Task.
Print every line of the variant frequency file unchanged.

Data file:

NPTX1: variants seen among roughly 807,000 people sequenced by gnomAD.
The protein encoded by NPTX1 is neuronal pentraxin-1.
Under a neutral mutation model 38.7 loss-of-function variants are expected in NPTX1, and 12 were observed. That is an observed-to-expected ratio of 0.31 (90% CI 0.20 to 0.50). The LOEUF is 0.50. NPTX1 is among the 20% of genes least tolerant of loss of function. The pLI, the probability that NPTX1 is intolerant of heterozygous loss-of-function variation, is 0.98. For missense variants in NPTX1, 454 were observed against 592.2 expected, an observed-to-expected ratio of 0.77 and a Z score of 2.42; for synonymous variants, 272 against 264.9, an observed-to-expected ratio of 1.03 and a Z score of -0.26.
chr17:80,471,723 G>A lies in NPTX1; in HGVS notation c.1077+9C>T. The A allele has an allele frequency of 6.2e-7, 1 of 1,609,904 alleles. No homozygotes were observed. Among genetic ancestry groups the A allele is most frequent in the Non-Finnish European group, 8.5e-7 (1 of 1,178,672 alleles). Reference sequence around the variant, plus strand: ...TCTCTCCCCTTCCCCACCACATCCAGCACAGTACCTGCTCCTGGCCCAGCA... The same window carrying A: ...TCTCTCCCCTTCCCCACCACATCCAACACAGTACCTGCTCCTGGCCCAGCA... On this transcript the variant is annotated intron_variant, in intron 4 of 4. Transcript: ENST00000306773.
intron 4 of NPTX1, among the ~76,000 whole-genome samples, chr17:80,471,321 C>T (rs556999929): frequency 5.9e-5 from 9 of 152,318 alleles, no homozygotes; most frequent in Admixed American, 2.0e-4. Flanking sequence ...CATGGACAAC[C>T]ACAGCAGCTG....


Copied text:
NPTX1: variants seen among roughly 807,000 people sequenced by gnomAD.
The protein encoded by NPTX1 is neuronal pentraxin-1.
Under a neutral mutation model 38.7 loss-of-function variants are expected in NPTX1, and 12 were observed. That is an observed-to-expected ratio of 0.31 (90% CI 0.20 to 0.50). The LOEUF is 0.50. NPTX1 is among the 20% of genes least tolerant of loss of function. The pLI, the probability that NPTX1 is intolerant of heterozygous loss-of-function variation, is 0.98. For missense variants in NPTX1, 454 were observed against 592.2 expected, an observed-to-expected ratio of 0.77 and a Z score of 2.42; for synonymous variants, 272 against 264.9, an observed-to-expected ratio of 1.03 and a Z score of -0.26.
chr17:80,471,723 G>A lies in NPTX1; in HGVS notation c.1077+9C>T. The A allele has an allele frequency of 6.2e-7, 1 of 1,609,904 alleles. No homozygotes were observed. Among genetic ancestry groups the A allele is most frequent in the Non-Finnish European group, 8.5e-7 (1 of 1,178,672 alleles). Reference sequence around the variant, plus strand: ...TCTCTCCCCTTCCCCACCACATCCAGCACAGTACCTGCTCCTGGCCCAGCA... The same window carrying A: ...TCTCTCCCCTTCCCCACCACATCCAACACAGTACCTGCTCCTGGCCCAGCA... On this transcript the variant is annotated intron_variant, in intron 4 of 4. Transcript: ENST00000306773.
intron 4 of NPTX1, among the ~76,000 whole-genome samples, chr17:80,471,321 C>T (rs556999929): frequency 5.9e-5 from 9 of 152,318 alleles, no homozygotes; most frequent in Admixed American, 2.0e-4. Flanking sequence ...CATGGACAAC[C>T]ACAGCAGCTG....